Here we go – (double or triple up in the blender)
2 oz Light or White Rum
½ oz Banana liquor
½ oz lime juice
½ small banana, cut into pieces
½ cup crushed ice
Blend everything till silky smooth and icy in your blender. Pour and garnish.
The coffee and chocolate flavors combining with the pineapple juice really impart exactly what many search for in a tropical cocktail; far from the average, exotic and fun. This is one for poolside, positively. Not as sweet as you might think with the addition of unsweetened juice. (This recipe is a modification of a drink in the Top of Toronto restaurant circa 1970. I discovered it in Beachbum Berry’s book Intoxica.)
Here we go –
- 4 oz unsweetened Pineapple juice
- ¼ oz Kahlua
- ¼ oz Crème De Cacao
- 2 oz Gold Rum
Shake well with ice cubes, and then strain into tall glass or tiki mug that you’ve filled with crushed ice.
Planters Punch (1940’s recipe)
I found this recipe on the excellent Hawaiian Drinks blog, tikidrinks.blogspot.com. I like this version more than the one we have up on site (hopefully, this one will be joining the original). When you entertain or just go out to your driveway or balcony to have a cocktail, moonlight and madness have a way of finding you, and you’re soon and suddenly surrounded by people wanting to join you. This is just how it works. You can make a pitcher of Planters Punch and keep it in the fridge. I enjoy this drink over ice in a tiki mug or over ice in a tall, pretty glass. Delicious and deadly.
Here we go – (batch accordingly)
- 2 oz Dark Rum
- ½ oz lime juice
- 2 oz pineapple juice
- 2 oz orange juice
- 1/ oz Roses Grenadine juice
- Club Soda to fill if desired and it does provide a nice effervescence.
Mix everything together and pour over ice in a tall glass or tiki mug. Garnish with an orange slice & cherry tooth-picked together, add straw.
Doesn’t get more “colorful” than this one. If you’re going for that almost off-worldly, kitschy, hotel-bar vibe, then the Blue Hawaiian’s your drink. Far too blue for a traditional tiki mug, this one’s best served in a tulip style cocktail glass or anything see-thru. You’ll want to show this one off as you’re sipping; kind of like parking a new car in the drive.
Here we go –
- 1 oz Light Rum
- 1 oz Blue Curacao liqueur
- 2 oz Pineapple juice
- 1 oz Crème’ of Coconut
Blend above ingredients in blender with around a cup of cracked ice. Pour into glass and garnish with a pineapple chunk & cherry tooth-picked together. Perfect time to put on that Elvis album I spoke of earlier.
Found this one in the excellent book “Tiki Drinks” by Adam Rocke. I love the lemony taste of 7-Up much more than any other citrus soda, just something old-school about it. Probably the easiest cocktail here to mix, the Green Chartreuse can be kind of tough to find and a little expensive. However, many cocktails call for it so this drink could be the one to make you go out and get a bottle. This is a very refreshing, fun to give and receive tropical drink.
Here we go –
- 1 ½ oz Vodka
- 1 ½ oz light or white Rum
- 1 oz Blue Curacao
- 1 tbsp of Green Chartreuse
Fill tall glass or tall tiki mug up with ice and add all ingredients except 7-Up. Stir, then fill with 7-Up. Remember the straw.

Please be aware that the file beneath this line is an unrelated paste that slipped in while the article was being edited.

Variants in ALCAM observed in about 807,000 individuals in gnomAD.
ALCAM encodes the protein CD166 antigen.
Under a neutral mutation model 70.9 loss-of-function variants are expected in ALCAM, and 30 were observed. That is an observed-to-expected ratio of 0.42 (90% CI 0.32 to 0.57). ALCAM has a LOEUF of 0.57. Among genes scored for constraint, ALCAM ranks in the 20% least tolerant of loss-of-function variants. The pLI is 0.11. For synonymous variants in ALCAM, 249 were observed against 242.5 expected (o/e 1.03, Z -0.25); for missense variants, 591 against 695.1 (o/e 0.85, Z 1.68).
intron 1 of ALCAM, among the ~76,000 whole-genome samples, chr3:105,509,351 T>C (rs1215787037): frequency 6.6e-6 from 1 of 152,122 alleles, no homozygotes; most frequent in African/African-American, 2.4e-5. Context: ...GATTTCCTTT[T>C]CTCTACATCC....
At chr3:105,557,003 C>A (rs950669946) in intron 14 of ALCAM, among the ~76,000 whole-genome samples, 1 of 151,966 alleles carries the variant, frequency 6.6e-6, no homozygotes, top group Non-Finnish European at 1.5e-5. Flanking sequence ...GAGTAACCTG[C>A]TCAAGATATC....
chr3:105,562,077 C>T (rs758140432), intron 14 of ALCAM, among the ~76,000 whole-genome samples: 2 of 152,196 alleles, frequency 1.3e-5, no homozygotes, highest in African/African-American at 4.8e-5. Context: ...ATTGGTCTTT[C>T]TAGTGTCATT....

I’m going to take a sec and give special credit to writer and Tropical Drink Guru, Beachbum Berry, from whose wonderful collection of researched and rediscovered tropical drink books, I picked up the following two recipes. His books can as easily be read for their informative history of the Tiki phenomena or for just the thrill of uncovering lost drink recipes. I have most of his books, and believe me when I say they’re juice-stained and rum-soaked from almost constant use from May through September.
I love punches. I find them very refreshing, relaxing and exactly what the doctor ordered during barbecue evenings. The sour blast in this one sets the tongue up perfectly for the grilled meats to come. Apricot brandy, which is just such an old fashioned flavor, works very well in this one. Like most drinks I adore, there’s something remembered in this drink; she’s an old one and you can taste it.
(Created by Don the Beachcomber around 1932, Beachbum Berry supplies this recipe in his book Grog Log)
Here we go -
- ½ oz Lime juice
- ½ oz Grapefruit juice
- ½ oz Apricot Brandy
- ½ oz Simple Syrup
- 1/8 tsp of Pernod (I substitute Absinth)
- 1 ½ oz Demerara Rum
- Dash Angostura Bitters
Blend with 6 oz crushed ice for 5 seconds. Pour into a pilsner glass & add more ice to fill. Garnish with a mint sprig.
Also be sure and check our recipe list here on the site for drinks like the Singapore Sling, Pina Colada, Ordinary Seaman, the Buccaneer, Horny Monkey, and Suffering Bastard and more. Any one of them would be perfect for your tiki party or barbecue.
That’s About It (“Whew, ‘cause I need a drink!”)
So, there you have it, the Mr. Booze take on preparing your home bar or patio for some fun, warm weather entertaining. I will add that the actual history of Tiki in America, with pioneers like Don the Beachcomber and Trader Vic, tiki thatched bars welcoming home soldiers and those with a taste for the exotic, the music, food and the mad scientists behind forgotten bars is beyond fascinating. Great books have been written about the tiki phenomena. I highly recommend The Book of Tiki by Sven A. Kirsten and Tiki Quest, Collecting The Exotic Past by Duke Carter.
Take advantage of these coming warm days by hosting at least one tropical drink get-together in your home or back patio. I can’t tell you how much fun you’ll have if you just commit, give yourself a week or two to assemble the food, decorations, music mixers and booze, and call a few friends over. As simple as Satay Chicken on the grill and a pitcher of Planters Punch on the back porch to as tropically complicated as a bamboo-thatched bar, some Robert Mitchum Calypso music on the stereo, a dozen torches and 5 different cocktails, a night spent with friends and tropical drinks is a night well spent. Quality not quantity, in the end, and you can do it in the comfort of your own home, the Mr. Booze way.
Here are a few more Tiki inspired links to provide ideas, inspire, or just get you in the mood.